Review: Neverworld Wake
Neverworld Wake, Marisha Pessl
Published June 5, 2018, Delacorte Press
Once upon a time, back at Darrow-Harker School, Beatrice Hartley and her six best friends were the cool kids, the beautiful ones. Then the shocking death of Jim—their creative genius and Beatrice's boyfriend—changed everything.
One year after graduation, Beatrice is returning to Wincroft—the seaside estate where they spent so many nights sharing secrets, crushes, plans to change the world—hoping she'll get to the bottom of the dark questions gnawing at her about Jim’s death. But as the night plays out in a haze of stilted jokes and unfathomable silence, Beatrice senses she’s never going to know what really happened.
Then a mysterious man knocks on the door. Blithely, he announces the impossible: time for them has become stuck, snagged on a splinter that can only be removed if the former friends make the harshest of decisions. Now Beatrice has one last shot at answers... and at life.
And so begins the Neverworld Wake.
I spent a few days trying to figure out how to review this book. It’s definitely a book worth trying to keep entirely spoiler-free so that anyone coming to the book can dive into this complicated story headfirst.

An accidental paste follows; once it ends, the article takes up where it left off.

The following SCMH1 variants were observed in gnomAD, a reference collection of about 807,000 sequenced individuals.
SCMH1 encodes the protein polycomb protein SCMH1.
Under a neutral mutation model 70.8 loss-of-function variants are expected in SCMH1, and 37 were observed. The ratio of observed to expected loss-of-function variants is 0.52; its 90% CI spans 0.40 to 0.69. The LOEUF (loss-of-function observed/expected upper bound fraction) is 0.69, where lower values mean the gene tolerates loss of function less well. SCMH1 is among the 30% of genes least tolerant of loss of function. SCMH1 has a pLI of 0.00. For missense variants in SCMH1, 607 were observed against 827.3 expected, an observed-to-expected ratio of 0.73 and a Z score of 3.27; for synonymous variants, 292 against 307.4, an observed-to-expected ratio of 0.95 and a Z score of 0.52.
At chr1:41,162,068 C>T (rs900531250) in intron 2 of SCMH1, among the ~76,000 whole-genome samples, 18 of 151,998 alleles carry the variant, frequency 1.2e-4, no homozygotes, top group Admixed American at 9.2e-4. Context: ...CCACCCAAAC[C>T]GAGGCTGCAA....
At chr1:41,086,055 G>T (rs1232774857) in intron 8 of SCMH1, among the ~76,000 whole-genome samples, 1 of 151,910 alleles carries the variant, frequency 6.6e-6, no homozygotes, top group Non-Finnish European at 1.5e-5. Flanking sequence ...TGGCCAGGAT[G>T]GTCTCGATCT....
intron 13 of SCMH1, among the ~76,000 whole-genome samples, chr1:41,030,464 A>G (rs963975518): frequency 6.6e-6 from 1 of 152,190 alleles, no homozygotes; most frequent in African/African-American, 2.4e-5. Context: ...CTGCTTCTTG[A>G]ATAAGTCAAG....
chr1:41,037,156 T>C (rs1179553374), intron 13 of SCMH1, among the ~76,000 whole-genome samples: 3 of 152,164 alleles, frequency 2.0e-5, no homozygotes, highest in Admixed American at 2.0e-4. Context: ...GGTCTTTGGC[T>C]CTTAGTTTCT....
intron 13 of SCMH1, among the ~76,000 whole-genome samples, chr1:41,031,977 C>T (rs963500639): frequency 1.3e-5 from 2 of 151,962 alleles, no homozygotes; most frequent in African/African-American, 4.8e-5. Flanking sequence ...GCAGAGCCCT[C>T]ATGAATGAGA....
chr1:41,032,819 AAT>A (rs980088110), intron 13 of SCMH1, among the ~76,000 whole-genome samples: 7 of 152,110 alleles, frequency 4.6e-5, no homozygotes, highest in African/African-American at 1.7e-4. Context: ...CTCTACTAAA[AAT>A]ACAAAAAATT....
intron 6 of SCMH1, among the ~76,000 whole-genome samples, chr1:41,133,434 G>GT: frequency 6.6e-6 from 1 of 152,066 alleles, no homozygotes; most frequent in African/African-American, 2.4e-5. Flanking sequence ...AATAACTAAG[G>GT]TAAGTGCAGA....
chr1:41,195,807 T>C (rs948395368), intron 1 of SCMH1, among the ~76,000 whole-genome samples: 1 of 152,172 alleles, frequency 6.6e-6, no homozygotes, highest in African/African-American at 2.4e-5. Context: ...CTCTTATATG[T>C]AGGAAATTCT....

But then there are some questions about the rules of the world that make me want to address specific moments that would then be spoilers...
What’s a book nerd to do?
Ultimately, I want to avoid spoilers so I’ll try to talk around them and more about Pessl’s work.
I loved Night Film, another piece of world building, though on a smaller scale, with a fun mystery to be solved, and I slogged through the first 9/10ths of Special Topics in Calamity Physics but then loved the ending so much that I stopped making dinner and sat down on the kitchen floor to finish the book.
This book definitely felt different from the other titles, written to be a YA book while still maintaining a lot of the adult voice like in Special Topics.
This book is an exploration of human nature and the experience of guilt, anger and grief. It’s about storytelling in terms of personal narrative and external mythology. It’s shocking and absurd and utterly really at the same time.
If you can suspend your disbelief you’ll love the world and all the complicated emotions that weave through it